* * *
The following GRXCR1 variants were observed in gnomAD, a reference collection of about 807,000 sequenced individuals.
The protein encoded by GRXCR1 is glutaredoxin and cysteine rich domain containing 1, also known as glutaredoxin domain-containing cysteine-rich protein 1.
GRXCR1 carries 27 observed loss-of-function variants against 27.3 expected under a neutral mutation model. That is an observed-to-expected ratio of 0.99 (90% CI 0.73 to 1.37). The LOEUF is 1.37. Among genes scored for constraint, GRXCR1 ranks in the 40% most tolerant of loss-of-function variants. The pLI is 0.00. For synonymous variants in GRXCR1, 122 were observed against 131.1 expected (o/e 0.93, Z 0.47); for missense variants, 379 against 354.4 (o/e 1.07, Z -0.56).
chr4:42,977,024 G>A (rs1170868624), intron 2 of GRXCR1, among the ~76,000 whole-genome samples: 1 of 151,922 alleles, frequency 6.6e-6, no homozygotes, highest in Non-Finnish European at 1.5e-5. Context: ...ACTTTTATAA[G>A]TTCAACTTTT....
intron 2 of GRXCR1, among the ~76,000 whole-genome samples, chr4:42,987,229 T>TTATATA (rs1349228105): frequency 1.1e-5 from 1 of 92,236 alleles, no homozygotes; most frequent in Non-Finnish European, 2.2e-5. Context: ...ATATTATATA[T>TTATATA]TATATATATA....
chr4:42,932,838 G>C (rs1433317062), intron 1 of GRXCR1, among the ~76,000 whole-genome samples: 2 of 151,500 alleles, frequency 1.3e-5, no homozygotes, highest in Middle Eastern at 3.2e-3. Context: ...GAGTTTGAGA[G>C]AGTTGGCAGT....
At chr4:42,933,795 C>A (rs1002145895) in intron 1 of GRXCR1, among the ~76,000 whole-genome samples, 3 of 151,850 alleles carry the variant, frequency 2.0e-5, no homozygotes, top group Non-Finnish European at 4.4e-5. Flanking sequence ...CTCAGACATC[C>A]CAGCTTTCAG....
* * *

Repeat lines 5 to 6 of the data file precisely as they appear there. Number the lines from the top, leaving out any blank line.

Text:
intron 2 of GRXCR1, among the ~76,000 whole-genome samples, chr4:42,987,229 T>TTATATA (rs1349228105): frequency 1.1e-5 from 1 of 92,236 alleles, no homozygotes; most frequent in Non-Finnish European, 2.2e-5. Context: ...ATATTATATA[T>TTATATA]TATATATATA....
chr4:42,932,838 G>C (rs1433317062), intron 1 of GRXCR1, among the ~76,000 whole-genome samples: 2 of 151,500 alleles, frequency 1.3e-5, no homozygotes, highest in Middle Eastern at 3.2e-3. Context: ...GAGTTTGAGA[G>C]AGTTGGCAGT....